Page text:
Donald Trump says trade deal will be struck with China only if it is good for United States
Trump imposed tariff hikes of up to 25 percent on $250 billion of Chinese goods. In response, China, the world's second largest economy after the US, imposed tit-for-tat tariffs on $110 billion of American goods.
Trump imposed tariff hikes of up to 25 percent on $250 billion of Chinese goods
Trump has threatened to impose additional tariffs on import of Chinese products
China now wants the summit as a mere signature ceremony
Washington: Amidst reports of negotiations for a deal with China hitting a bump, President Donald Trump has said that he will enter into a trade deal with Beijing only if he is confident that it is good for the US. But he also told reporters at the White House on Friday that he is confident of entering into a trade deal with China. The world's two largest economies are locked in a trade war since Trump imposed heavy tariffs on imported steel and aluminium items from China in March last year, a move that sparked fears of a global trade war.
Trump imposed tariff hikes of up to 25 percent on $250 billion of Chinese goods. In response, China, the world's second largest economy after the US, imposed tit-for-tat tariffs on $110 billion of American goods. Top trade officials from America and China are holding talks to negotiate a comprehensive trade deal. "I am confident. But if we don't make a very good deal for our country, I wouldn't make a deal," Trump told reporters. "If this isn't a great deal, I won't make a deal."
In the absence of a trade deal, Trump has threatened to impose additional tariffs on import of Chinese products into the US. Last month the US president had said that he and his Chinese counterpart Xi Jinping are planning to meet at his Florida resort in Mar-a-Lago to give a final shape to the trade deal, which is being negotiated between the two countries for past several months now.
However, after the collapse of the North Korea summit in Vietnam where Trump walked out of his meeting with chairman Kim Jong-un, the US president has not spoken about it. Taken aback by Trump's decision to walk away from the summit with North Korean in Hanoi, China now wants the summit as a mere signature ceremony and finalise everything before that.
According to The Wall Street Journal report on Friday, a US-China trade accord is facing a new roadblock, as Chinese officials balk at committing to a presidential summit until the two countries have a firm deal in hand. "What Chinese minister wants to say, 'Yes, Xi Jinping. Go to the US for a visit, which isn't a State visit, and hope that Trump doesn't embarrass you'" Evan Medeiros, a Georgetown University scholar who was a senior China adviser to former president Barack Obama was quoted as saying by The Wall Street Journal.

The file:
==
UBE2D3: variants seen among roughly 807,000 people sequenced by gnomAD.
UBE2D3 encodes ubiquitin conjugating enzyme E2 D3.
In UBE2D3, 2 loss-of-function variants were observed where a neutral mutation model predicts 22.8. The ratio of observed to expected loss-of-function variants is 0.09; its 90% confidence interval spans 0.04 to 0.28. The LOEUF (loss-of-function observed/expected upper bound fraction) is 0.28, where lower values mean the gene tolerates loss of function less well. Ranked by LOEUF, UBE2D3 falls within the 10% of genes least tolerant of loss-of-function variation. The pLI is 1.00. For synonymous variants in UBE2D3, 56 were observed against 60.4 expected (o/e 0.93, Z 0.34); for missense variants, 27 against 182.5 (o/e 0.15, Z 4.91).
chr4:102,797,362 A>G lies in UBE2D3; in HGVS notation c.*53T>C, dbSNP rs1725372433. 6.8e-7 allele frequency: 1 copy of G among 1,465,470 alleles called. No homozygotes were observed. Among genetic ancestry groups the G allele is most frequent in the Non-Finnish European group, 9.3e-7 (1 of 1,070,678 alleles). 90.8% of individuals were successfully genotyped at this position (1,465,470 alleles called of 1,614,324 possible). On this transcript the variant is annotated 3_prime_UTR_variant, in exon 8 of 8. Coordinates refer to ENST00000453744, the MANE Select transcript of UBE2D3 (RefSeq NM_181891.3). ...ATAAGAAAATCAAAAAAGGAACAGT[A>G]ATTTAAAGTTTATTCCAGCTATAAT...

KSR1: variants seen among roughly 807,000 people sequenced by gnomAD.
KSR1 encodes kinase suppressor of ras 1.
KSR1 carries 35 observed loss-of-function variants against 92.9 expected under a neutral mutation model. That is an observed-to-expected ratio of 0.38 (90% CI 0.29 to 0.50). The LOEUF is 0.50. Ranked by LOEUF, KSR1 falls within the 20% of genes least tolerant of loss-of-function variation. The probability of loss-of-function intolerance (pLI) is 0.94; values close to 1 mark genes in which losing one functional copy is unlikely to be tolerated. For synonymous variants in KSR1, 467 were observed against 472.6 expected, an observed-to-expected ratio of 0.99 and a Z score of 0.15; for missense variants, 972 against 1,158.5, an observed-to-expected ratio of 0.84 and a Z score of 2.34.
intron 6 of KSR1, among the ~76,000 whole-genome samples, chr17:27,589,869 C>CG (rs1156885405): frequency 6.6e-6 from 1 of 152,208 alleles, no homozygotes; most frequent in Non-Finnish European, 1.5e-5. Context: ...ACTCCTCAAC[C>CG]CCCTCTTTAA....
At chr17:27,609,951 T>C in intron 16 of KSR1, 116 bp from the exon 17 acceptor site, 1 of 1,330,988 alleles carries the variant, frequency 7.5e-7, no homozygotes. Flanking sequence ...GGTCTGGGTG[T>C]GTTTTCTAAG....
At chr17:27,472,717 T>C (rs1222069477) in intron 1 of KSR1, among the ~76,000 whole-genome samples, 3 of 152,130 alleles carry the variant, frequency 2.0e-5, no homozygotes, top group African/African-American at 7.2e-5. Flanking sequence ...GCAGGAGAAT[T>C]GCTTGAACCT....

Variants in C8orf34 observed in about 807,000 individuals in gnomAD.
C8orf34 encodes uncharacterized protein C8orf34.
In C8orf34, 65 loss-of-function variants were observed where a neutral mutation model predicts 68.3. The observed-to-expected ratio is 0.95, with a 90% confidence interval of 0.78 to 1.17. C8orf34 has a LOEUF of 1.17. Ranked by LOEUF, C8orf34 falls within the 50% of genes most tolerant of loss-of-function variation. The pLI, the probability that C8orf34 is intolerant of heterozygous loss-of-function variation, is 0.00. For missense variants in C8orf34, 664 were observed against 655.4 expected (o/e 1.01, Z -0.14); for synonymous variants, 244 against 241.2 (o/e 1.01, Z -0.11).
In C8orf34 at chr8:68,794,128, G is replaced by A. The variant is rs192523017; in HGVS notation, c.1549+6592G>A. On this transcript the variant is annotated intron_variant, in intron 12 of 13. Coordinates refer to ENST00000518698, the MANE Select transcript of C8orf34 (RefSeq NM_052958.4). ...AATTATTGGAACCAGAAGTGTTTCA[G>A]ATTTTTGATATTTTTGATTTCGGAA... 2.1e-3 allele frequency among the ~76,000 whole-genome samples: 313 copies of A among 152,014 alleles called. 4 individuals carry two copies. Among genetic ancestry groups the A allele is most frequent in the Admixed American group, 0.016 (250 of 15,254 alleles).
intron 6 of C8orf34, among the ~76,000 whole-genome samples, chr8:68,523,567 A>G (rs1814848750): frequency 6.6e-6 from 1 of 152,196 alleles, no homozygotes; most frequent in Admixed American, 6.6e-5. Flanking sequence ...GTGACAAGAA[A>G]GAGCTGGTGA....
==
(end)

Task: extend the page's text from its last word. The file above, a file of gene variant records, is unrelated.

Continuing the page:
Republican Senator Marco Rubio on Friday doubted recent reports that China will end the forced transfer of technology and begin allowing "wholly foreign-owned enterprises in more fields" as a way to lure back foreign investors. "For decades, China fooled the world into thinking they would be a responsible international partner. We must not let them fool us into thinking this new 'law' is anything other than a shiny object that will do nothing to stop Chinese state-directed actors' continued assault on US companies' intellectual property and trade secrets," Rubio said.
The Trump administration should continue to hold their leverage and increase pressure on China to secure a strong, enforceable deal, he asserted. "We cannot afford to waste this opportunity and risk losing this century's most important, strategic, economic, and geopolitical competition. China must not be allowed to pursue policies that run directly counter to America's national interest and their international commitments without facing due consequences," Rubio said.
It appears that the entire point of the exercise was to indicate to China that FONOPs are based on principles such as upholding the laws of the sea and not random muscle-flexing against strategic rivals
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Of course, any friendly advice from China to India must be taken with a pinch of salt given that two countries are locked in a border dispute in eastern Ladakh